Three thirty-seven in the morning and the carpark of the Holiday Inn near Land’s End should be quiet, but today it is a hive of bizarre, hushed activity. In the shadows, lit by the strobe of a flickering streetlamp, a man dressed as Elmo is fiddling with the carbs on his tartan-covered Kawasaki GPZ500S.
Out of the corner of my eye, a rider on a VFR750 which looks like it has been dragged from a swamp is trying to coax his reluctant Honda to life. This is the start of the Longest Day Up charity ride: a thrash from Land’s End to John O’Groats in a day on £300 bikes, with no motorways involved.
Over the last eight years it has raised more than £100,000 for Cancer Research. MCN featured the event last year and I was so inspired I decided to take part. So I bought myself a suitably awful motorcycle – a fur-covered, 80,000-mile Yamaha XJ900F called Albert.
Months of prep, swearing and skinned knuckles followed before an exhaust header failed the day before and the cylinder head turned to dust as I tried to undo the already-broken exhaust studs. So I cheated, taking the forfeit of a blow-up croc on my pillion and using my naked, stiffly suspended Yamaha MT-09 SP with its 14-litre tank.
No touring bike, but I’m still, as Elmo suit-wearing Keith Bousfield points out, "a cheating b*****d." With a drop of the Union Jack we roll onto the A30. Throttles are stretched and the sound of leaky exhausts and clattering valves floats across the moors. There is a set route and along the way are four check points.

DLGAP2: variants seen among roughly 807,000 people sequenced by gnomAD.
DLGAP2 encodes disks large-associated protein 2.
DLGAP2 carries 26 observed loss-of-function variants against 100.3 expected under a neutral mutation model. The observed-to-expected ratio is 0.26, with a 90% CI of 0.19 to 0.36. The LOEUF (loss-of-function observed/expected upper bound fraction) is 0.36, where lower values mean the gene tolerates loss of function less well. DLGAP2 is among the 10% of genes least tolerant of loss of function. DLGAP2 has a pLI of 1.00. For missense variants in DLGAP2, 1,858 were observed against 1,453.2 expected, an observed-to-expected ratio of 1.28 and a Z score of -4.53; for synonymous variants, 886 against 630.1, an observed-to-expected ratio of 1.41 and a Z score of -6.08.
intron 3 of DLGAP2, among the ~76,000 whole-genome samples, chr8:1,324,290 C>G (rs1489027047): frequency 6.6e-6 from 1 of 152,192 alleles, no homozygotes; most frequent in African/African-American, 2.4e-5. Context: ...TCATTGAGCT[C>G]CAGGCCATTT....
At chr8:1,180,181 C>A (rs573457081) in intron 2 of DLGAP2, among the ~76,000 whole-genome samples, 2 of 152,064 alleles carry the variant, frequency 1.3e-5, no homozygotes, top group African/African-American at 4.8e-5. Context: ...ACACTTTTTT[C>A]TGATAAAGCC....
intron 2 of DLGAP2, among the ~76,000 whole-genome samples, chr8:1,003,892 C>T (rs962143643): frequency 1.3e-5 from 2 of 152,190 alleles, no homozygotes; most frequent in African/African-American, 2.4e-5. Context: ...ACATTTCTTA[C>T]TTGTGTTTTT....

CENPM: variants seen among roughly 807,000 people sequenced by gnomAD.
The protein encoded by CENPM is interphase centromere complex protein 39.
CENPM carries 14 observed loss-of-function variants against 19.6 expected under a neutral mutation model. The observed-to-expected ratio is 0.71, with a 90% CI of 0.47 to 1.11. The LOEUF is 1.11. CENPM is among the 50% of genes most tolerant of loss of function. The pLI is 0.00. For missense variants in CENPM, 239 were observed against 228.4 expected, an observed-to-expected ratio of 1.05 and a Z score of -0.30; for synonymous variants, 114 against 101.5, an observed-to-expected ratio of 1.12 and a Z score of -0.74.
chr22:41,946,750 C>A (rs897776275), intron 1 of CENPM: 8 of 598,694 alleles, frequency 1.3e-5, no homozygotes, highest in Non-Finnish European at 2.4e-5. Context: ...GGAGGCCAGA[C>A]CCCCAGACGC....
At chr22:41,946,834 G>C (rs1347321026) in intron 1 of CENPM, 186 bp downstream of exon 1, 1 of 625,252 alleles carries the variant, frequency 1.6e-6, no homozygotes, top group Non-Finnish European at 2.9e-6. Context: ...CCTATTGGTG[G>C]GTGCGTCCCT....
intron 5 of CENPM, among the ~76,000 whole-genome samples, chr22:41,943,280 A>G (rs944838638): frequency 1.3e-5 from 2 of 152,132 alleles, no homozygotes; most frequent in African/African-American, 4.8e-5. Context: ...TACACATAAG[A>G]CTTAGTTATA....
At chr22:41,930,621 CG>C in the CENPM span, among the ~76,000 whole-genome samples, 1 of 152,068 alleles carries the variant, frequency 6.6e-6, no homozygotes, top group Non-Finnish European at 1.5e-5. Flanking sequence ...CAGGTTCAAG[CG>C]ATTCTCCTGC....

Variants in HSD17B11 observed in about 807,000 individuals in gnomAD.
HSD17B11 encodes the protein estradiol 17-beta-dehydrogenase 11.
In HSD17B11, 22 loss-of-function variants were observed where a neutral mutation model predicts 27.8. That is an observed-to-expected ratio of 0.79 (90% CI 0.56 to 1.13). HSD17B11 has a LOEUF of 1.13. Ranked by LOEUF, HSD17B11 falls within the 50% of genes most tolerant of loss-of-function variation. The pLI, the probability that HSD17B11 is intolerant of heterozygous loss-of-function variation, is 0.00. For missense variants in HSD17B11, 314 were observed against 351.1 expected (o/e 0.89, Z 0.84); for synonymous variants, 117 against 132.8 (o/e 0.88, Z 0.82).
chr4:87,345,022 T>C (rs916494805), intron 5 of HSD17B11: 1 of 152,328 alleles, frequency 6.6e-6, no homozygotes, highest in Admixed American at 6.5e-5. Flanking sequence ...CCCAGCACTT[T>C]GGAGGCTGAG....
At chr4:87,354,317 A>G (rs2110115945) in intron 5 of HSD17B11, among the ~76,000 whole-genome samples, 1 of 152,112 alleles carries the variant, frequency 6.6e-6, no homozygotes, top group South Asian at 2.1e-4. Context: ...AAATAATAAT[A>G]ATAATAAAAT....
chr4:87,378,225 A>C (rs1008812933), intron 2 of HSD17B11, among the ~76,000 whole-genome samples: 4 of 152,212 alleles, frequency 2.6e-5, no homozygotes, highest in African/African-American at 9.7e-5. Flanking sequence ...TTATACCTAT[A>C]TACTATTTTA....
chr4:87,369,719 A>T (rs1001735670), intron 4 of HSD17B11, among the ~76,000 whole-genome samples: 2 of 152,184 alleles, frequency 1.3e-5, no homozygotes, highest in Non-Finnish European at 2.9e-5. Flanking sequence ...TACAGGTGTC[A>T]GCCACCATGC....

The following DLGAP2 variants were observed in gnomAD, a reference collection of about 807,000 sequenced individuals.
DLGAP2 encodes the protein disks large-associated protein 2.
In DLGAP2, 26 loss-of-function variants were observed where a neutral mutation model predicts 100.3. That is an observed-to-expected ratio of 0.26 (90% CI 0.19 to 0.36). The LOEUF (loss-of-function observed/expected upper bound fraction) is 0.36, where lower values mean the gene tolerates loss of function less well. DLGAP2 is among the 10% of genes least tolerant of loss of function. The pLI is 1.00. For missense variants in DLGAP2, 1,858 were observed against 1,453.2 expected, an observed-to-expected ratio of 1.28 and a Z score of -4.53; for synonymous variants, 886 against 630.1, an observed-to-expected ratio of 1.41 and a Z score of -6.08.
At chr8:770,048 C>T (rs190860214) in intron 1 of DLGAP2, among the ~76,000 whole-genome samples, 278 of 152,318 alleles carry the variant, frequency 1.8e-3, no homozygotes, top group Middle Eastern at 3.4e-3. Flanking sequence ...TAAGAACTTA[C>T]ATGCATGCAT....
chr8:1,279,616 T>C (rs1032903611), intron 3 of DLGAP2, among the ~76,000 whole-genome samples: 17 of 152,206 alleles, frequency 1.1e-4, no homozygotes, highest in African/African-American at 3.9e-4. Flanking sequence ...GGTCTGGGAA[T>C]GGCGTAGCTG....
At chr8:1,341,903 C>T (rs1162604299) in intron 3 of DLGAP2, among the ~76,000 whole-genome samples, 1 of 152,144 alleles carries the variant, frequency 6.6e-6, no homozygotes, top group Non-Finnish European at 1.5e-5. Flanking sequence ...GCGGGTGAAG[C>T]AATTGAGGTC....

At these stops volunteers provide refreshments and sometimes much-needed repairs. There are few things in life I like better than clocking distance and the MT-09 and I settle into a rhythm, completing 120 miles between fill-ups and latching onto various riders on the way.
All walks of life are here: from husband and wife Dan and Trudy Mills on their VFRs to Tony Horrocks and hand-painted Triumph Tiger 900 riding in memory of his brother died from cancer. His bike looks OK from a distance but is so bent that no panel lugs actually meet their mounting holes. Over time I ride with them all and I can’t help but be impressed with their fortitude and staying power.
But inevitably as the miles roll by, the pain starts. Six hours and 350 miles and the ache from my backside grows with intensity with every bump, matched by an ache in my neck that gets bigger from the constant battle against wind blast. The only thing to do is keep going.
But there are amazing moments. Chasing James Sargent on his Honda Hawk held together with gaffa tape and goodwill across the Lincolnshire Wolds is hilarious and an empty A68 on a summer’s day is sheer joy. As I cross the Scottish border I get a German tourist to take a picture.
Even on a modern bike this feels like an achievement. Scotland is amazing, but is always much bigger than you think and the reality of another 400-mile stretch ahead of me and everyone else starts to bite. But the reward is the final 120-mile leg. The A9 to John O’Groats cuts magnificently though the Highlands, lit by the lengthening shadows and orange light of a mid-summer sunset.
I arrive at the finish line 20 hours and 907 miles after I set off. Everyone is buzzing, wired from so long in the saddle, with the talk already moving to next year's event, bikes and prep. I'm already thinking of the machine I could take. You should come and join us.
To donate, or join in next year head to www.thelongestdaydownchallenge.co.uk
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